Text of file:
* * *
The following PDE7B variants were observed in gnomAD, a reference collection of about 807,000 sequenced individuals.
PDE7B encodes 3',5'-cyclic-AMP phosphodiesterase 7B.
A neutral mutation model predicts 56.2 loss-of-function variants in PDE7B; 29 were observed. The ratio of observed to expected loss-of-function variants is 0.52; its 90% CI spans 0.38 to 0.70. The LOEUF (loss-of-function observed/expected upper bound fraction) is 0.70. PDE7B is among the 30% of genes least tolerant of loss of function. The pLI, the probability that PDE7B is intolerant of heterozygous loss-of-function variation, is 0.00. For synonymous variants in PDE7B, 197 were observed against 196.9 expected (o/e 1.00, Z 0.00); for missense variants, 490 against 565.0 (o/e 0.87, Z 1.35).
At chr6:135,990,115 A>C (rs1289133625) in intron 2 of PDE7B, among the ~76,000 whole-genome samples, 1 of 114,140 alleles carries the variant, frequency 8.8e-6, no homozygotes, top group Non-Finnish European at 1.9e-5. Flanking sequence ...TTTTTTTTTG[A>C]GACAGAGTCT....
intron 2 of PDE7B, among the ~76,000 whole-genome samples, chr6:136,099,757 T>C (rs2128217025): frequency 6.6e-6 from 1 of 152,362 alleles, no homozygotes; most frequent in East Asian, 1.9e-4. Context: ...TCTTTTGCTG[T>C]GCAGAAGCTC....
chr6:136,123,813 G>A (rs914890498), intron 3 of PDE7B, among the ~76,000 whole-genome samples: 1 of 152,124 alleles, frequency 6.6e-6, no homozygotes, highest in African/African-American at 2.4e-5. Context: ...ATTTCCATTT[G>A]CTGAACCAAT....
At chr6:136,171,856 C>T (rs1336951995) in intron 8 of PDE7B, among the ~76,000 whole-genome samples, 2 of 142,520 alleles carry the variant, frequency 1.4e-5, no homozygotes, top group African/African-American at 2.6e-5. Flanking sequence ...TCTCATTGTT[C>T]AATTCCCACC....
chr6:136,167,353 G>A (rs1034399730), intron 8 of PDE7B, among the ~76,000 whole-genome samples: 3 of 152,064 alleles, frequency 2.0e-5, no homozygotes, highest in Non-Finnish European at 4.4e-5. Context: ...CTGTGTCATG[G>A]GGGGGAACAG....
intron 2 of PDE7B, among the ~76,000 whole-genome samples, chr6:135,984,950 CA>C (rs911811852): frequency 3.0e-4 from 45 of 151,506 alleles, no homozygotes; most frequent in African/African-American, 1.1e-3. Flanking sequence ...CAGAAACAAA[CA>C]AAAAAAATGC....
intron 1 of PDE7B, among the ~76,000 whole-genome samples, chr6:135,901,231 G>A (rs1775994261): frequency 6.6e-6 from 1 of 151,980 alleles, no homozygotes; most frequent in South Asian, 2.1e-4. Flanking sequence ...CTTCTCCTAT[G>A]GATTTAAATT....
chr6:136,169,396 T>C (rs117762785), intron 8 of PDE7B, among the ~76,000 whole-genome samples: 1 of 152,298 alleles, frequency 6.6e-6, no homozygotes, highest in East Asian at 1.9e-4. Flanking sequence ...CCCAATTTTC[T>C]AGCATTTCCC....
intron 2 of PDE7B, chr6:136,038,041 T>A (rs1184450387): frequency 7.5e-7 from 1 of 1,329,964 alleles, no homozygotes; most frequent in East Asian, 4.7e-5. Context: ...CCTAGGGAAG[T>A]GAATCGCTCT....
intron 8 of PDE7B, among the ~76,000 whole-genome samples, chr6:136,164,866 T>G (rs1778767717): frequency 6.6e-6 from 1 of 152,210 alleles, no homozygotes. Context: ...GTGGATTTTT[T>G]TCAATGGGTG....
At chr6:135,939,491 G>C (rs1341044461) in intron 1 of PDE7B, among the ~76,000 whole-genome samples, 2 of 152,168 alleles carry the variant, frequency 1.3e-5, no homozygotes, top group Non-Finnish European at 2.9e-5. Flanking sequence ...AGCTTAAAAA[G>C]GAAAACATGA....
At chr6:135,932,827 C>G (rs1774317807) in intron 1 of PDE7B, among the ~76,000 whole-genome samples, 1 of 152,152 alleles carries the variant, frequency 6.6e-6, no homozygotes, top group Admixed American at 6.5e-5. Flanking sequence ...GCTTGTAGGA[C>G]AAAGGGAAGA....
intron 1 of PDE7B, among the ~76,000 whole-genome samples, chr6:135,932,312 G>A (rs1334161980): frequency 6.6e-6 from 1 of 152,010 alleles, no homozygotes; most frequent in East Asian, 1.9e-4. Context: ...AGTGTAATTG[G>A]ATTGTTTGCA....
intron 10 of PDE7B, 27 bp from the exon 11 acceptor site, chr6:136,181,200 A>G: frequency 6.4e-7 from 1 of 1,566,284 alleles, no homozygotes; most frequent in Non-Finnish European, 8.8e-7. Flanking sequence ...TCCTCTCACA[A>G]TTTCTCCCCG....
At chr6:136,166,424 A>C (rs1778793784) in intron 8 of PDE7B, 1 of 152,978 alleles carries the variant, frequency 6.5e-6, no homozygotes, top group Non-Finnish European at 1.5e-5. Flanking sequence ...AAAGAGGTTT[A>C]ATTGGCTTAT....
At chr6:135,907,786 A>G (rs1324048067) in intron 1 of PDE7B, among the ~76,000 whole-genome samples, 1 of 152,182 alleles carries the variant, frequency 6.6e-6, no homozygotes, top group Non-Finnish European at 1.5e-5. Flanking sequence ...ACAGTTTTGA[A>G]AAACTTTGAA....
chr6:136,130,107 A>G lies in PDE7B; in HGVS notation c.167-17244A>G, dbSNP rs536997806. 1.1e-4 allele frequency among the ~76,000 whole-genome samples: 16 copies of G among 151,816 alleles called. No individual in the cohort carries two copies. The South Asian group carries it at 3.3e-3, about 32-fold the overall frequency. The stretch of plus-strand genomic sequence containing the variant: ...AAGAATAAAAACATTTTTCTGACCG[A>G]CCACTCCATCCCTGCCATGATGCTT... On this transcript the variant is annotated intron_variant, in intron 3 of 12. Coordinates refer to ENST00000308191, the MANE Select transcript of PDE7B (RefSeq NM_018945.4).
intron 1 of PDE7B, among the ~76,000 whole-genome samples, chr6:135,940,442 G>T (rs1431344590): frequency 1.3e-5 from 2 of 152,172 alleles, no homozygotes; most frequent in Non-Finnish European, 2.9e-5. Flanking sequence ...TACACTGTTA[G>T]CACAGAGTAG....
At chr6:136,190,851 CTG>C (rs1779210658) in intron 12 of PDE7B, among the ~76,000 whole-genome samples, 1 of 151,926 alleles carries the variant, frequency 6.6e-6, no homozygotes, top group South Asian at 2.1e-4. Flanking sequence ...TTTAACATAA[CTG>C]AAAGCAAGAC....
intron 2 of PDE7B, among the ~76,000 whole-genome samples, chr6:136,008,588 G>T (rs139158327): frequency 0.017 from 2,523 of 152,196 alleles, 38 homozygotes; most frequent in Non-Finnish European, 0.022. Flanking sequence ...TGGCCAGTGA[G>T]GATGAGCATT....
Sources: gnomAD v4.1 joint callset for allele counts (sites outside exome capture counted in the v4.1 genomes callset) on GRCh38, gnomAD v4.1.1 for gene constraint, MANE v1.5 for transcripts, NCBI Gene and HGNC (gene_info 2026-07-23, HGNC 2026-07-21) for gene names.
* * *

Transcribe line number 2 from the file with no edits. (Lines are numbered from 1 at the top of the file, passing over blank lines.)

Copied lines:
PDE7B encodes 3',5'-cyclic-AMP phosphodiesterase 7B.